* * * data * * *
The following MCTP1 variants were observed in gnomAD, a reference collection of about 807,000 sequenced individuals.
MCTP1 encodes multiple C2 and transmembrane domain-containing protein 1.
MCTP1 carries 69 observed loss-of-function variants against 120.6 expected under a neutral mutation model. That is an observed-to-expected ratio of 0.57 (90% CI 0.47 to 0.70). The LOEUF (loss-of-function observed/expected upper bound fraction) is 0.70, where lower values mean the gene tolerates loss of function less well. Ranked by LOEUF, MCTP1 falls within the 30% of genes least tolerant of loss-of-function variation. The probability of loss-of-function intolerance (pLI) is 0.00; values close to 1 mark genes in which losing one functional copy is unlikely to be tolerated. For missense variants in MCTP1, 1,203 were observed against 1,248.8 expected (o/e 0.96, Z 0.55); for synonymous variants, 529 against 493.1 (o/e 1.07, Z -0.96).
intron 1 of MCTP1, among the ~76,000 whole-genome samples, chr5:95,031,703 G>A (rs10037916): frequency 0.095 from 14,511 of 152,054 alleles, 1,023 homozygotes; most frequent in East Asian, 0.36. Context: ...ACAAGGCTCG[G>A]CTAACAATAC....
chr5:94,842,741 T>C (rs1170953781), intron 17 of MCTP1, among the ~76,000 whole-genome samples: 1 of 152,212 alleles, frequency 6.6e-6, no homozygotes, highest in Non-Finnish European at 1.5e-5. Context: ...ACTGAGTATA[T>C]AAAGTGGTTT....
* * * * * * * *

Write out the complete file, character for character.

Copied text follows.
The following MCTP1 variants were observed in gnomAD, a reference collection of about 807,000 sequenced individuals.
MCTP1 encodes multiple C2 and transmembrane domain-containing protein 1.
MCTP1 carries 69 observed loss-of-function variants against 120.6 expected under a neutral mutation model. That is an observed-to-expected ratio of 0.57 (90% CI 0.47 to 0.70). The LOEUF (loss-of-function observed/expected upper bound fraction) is 0.70, where lower values mean the gene tolerates loss of function less well. Ranked by LOEUF, MCTP1 falls within the 30% of genes least tolerant of loss-of-function variation. The probability of loss-of-function intolerance (pLI) is 0.00; values close to 1 mark genes in which losing one functional copy is unlikely to be tolerated. For missense variants in MCTP1, 1,203 were observed against 1,248.8 expected (o/e 0.96, Z 0.55); for synonymous variants, 529 against 493.1 (o/e 1.07, Z -0.96).
intron 1 of MCTP1, among the ~76,000 whole-genome samples, chr5:95,031,703 G>A (rs10037916): frequency 0.095 from 14,511 of 152,054 alleles, 1,023 homozygotes; most frequent in East Asian, 0.36. Context: ...ACAAGGCTCG[G>A]CTAACAATAC....
chr5:94,842,741 T>C (rs1170953781), intron 17 of MCTP1, among the ~76,000 whole-genome samples: 1 of 152,212 alleles, frequency 6.6e-6, no homozygotes, highest in Non-Finnish European at 1.5e-5. Context: ...ACTGAGTATA[T>C]AAAGTGGTTT....